Nobody I know ever described the programming at Invisible Exports as brave, even though the description proved accurate. The gallery founders, Tischer and Risa Needleman, were too relatable for the label to stick. They showed what they liked—gay sex, text, and at least one exhibition involving a timeshare scam.

Dustin Yellin, Conditioned Stimulus (Doorbell), 2016. Mixed media. New Discretions/Dustin Yellin

The gallery didn’t really close so much as it changed names, lost the brick and mortar space and dropped a partner. Needleman moved on, and Tischer started New Discretions, an itinerant gallery and curatorial platform that promotes the same crazy ass stuff but in crazier locations. His latest group show, “Free Association,” takes place in a clinic, and celebrates the discovery of ketamine—an anesthetic with an antidepressant effect. The exhibition includes works by Tauba Auerbach, LoVid and Dustin Yellin among others and promises good times—or at least moderate cheer.

Allegra LaViola
Sargent’s Daughters, 179 East Broadway

It’s a miracle I even remember Jennifer Catron and Paul Outlaw’s 2010 Imeday Imeday Ollarday Icklenay well enough to describe it as the best New York art event this decade. Hosted within the gallery-cum-renaissance dinner hall of Allegra LaViola, a crucial part of the ticketed event involved plying guests with so much wine that no one escaped a debilitating hangover. Show elements included a seven course dinner table perched on a hydraulic lift, men on scooters wearing Jefferson attire, and a live adult chicken hatched from a giant-sized handmade egg.

That was almost ten years ago, and since that time, Allegra LaViola switched business partners, transformed her gallery programming, and even changed the gallery’s name from her own to Sargent’s Daughters. Through it all, though, she maintained the same space, which she currently splits with Shrine Gallery.

Her latest programming has been some of her strongest; this winter, a feeling of slick wetness seemed to permeate the gallery with the launch “Dark Spring,” an exhibition in which Shary Boyle, Sarah Slappey and Brandi Twilley focused on female desire. In May, history transformed the gallery when it exhibited Wendy Red Star’s collages comparing early 20th century objects made by the Native American Crow tribe and those from a recent parade. (Red Star is of Crow descent.)

Elisa Lendvay, Arise (high plane) (shell), 2019. Cast concrete, steel, copper, aluminum, clay, paper, felt, cotton, shell, bottle caps, acrylic paint and marble dust. Elisa Lendvay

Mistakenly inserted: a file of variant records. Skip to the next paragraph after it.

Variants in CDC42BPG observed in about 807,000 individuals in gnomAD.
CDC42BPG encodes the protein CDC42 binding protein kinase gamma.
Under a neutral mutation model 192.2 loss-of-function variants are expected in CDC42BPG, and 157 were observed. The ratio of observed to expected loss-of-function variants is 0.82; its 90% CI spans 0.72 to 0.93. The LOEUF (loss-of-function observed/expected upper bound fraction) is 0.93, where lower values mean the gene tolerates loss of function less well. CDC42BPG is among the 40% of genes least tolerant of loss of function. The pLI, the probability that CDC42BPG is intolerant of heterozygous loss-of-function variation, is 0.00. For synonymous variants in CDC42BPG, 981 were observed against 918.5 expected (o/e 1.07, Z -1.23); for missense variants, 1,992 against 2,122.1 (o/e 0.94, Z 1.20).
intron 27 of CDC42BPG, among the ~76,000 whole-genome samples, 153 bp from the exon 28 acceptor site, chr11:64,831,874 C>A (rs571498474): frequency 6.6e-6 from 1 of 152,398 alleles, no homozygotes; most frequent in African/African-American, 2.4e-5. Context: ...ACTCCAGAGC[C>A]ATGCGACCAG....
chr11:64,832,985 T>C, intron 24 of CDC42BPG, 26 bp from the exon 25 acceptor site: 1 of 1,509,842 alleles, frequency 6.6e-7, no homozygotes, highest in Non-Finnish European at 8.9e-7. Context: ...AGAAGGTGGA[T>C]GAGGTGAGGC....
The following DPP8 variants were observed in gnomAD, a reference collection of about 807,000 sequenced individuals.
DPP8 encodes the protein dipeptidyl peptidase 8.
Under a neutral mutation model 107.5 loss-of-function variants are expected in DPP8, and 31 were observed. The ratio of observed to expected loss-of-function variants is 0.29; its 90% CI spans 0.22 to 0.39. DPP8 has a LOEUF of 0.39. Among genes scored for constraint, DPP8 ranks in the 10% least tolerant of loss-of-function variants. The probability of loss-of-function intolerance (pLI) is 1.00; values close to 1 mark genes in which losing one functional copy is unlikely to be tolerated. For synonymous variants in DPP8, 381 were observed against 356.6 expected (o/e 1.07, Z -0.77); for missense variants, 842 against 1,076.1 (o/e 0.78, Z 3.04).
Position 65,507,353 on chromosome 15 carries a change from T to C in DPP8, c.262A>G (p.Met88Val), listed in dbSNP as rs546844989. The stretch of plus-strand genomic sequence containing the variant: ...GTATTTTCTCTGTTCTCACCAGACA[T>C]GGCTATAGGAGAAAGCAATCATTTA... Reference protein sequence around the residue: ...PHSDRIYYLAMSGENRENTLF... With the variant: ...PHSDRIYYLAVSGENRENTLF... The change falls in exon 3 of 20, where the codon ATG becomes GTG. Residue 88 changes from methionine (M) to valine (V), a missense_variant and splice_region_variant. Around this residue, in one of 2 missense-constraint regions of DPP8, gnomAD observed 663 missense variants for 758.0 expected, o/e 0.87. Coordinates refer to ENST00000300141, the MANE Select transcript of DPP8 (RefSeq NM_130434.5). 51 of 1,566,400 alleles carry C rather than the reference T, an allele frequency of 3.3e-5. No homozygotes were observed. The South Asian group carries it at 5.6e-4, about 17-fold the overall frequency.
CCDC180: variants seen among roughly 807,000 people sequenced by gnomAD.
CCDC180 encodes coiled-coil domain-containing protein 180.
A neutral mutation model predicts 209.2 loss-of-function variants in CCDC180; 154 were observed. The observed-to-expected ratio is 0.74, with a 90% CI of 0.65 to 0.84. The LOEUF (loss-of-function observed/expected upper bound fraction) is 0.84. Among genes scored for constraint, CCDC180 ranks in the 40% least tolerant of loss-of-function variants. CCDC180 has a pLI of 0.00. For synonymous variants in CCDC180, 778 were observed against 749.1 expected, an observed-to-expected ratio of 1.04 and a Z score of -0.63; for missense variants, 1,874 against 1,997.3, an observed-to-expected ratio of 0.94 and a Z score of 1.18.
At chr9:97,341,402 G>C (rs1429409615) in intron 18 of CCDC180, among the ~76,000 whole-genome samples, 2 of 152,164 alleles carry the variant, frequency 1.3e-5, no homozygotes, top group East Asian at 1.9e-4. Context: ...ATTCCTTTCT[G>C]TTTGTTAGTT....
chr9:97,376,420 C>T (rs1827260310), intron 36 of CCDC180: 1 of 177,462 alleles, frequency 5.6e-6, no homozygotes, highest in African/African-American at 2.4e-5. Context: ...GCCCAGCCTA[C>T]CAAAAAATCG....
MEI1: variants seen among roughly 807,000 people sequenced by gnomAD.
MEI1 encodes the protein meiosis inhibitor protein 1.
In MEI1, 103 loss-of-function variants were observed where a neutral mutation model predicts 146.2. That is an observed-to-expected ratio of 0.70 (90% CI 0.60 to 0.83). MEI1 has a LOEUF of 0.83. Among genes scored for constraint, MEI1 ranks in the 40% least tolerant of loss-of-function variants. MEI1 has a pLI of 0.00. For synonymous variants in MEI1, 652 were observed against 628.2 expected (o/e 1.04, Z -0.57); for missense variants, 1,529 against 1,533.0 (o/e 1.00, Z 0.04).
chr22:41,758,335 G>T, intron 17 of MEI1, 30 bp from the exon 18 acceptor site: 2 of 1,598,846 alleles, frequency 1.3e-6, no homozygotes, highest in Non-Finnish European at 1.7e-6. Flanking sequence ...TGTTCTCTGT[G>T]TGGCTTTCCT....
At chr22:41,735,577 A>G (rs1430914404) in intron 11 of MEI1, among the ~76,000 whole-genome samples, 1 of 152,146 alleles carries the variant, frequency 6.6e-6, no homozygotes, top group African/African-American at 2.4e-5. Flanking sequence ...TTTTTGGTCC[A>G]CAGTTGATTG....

Strong shows beget other strong shows. On August 8, LaViola will launch an exhibition of junk assemblages by Brooklyn-based sculptor Elisa Lendvay. Intuitively made and striking for their resemblance to gently aged body parts, her ritualistic totems and sculptural relics land somewhere between new age-inspired knickknack and modernist icon. Definitely worth puzzling over.

Candice Madey
Stellar Projects, 1 Rivington (by appointment)

Candice Madey opened On Stellar Rays with her finger on the pulse. In 2009, her inaugural year, she co-curated a show with performance artist Kate Gilmore, a rising star at the time, (now established canon), and launched a solo exhibition with Clifford Owens, a photographer and performance artist just off a prestigious PS1 residency.

Gallery-goers regularly swarmed her openings due to that programming, which went beyond trend hopping and consistently supported performance artists and challenging conceptual art.  Despite this success, though, Madey made the decision to close her space in 2017 and open Stellar Projects—a private viewing space and vehicle for off-site curation. Additionally, she is now the curator for the Hudson Valley-based River Valley Arts Collective, a workspace and exhibition venue for artists in the Hudson Valley.

Sofia Cordova, Dame la mano paloma, para subir a tu nido (Give me your hand, dove, so that I
may climb into your nest), 2017. Taxidermy dove, hair dye, column, resin, paint. Sofia Cordova

Oddly enough, even the private shows Madey curates get buzz. At a recent opening, several friends mentioned her show, “Ten at Seven” at the SJ Weiler Fund, (open August 7 and September 11, 4-7 p.m.), a historic (albeit ominous) look at artworks addressing politics and social issues. The intimate collection of work includes dozens of Pam Lin’s glazed stoneware eyes overlooking Sofia Cordova’s pink taxidermied dove. The pink palette and gender fluid culture it evokes would feel friendly and inviting, were it not for the police state type eyes overlooking the whole show.

On the Importance of Middle Market Dealers in a Thriving Art Scene